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Dr. Panagis Galiatsatos explains the new lung cancer screening aims to address the disparities of disease onset and progression across different racial populations.
In an interview with HCPLive, Panagis Galiatsatos, MD, MSH, an associate professor of medicine at Johns Hopkins University, spoke about disparities in lung cancer screening, particularly among different racial groups.
At the American Thoracic Society (ATS) 2023 International Conference in Washington, DC, Galiatsatos addressed the new practices for lung cancer screening and shared recommendations for encouraging different patient populations to participate.
The previous guidelines for screening led to larger disparities between white and black populations, necessitating a shift in guidelines to initiate screenings at a younger age for the black population, particularly adult males who smoke and tend to develop cancers earlier.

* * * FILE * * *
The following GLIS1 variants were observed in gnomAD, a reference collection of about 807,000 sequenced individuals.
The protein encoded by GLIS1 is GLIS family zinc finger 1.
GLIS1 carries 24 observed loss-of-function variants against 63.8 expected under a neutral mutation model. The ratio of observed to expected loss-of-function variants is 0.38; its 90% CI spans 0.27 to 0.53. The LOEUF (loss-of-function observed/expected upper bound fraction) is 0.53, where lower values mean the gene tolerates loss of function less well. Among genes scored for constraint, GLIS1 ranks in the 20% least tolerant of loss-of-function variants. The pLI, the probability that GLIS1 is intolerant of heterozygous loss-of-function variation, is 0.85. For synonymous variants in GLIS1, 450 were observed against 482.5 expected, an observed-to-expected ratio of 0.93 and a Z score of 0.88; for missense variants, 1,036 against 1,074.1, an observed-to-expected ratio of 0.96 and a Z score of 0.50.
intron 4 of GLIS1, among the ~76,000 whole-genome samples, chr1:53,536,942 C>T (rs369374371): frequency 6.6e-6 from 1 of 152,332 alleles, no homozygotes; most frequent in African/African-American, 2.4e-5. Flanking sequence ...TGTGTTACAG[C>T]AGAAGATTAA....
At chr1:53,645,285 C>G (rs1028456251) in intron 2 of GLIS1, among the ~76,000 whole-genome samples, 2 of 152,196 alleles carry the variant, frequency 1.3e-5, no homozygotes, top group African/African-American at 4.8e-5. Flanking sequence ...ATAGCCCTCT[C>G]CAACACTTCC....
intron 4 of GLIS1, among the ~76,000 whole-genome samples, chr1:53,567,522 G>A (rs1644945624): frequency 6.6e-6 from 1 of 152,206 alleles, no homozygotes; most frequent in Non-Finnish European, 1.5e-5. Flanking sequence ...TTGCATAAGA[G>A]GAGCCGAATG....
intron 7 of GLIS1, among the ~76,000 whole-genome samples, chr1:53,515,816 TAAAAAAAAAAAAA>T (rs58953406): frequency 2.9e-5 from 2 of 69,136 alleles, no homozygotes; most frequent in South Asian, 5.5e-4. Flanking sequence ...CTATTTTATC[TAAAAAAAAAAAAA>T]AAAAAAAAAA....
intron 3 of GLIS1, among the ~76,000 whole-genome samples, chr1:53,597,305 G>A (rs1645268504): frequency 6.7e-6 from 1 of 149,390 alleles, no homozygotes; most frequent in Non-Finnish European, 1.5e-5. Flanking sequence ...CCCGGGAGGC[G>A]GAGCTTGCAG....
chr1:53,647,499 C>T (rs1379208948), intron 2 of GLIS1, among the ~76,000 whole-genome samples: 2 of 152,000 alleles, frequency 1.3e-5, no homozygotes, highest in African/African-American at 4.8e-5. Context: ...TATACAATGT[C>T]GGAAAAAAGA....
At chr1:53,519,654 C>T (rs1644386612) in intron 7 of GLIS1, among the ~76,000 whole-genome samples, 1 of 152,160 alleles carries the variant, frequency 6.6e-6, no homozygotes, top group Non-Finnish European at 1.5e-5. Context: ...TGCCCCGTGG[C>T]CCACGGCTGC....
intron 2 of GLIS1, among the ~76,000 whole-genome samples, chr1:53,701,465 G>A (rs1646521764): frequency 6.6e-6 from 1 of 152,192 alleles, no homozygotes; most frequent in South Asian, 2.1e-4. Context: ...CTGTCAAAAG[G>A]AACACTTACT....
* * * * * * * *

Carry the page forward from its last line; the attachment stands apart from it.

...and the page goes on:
“Overall, it still shows how new this cancer screening is, and that we're still exploring and trying to figure out who is the most appropriate phenotype to start screening them for,” he explained, “and that can only come if the majority of the diverse populations, especially impacted by smoking, begin to understand that lung cancer screening is out there.”
With the evolving nature of lung cancer screening, ongoing exploration and the consideration of various factors to determine the most appropriate screening approach, is required. Galiatsatos said the current objective is to disseminate the message effectively and engage with these patient populations.
“The ultimate goal was ‘can we achieve cancer mortality reduction on par that we've seen with other cancers where we can screen,’ right?” he explained. “We've seen this with prostate to colorectal to breast–they've made reductions in certain parts of the cancers because of screening catching things early. So ideally, that's what we'd like to see with lung cancer.”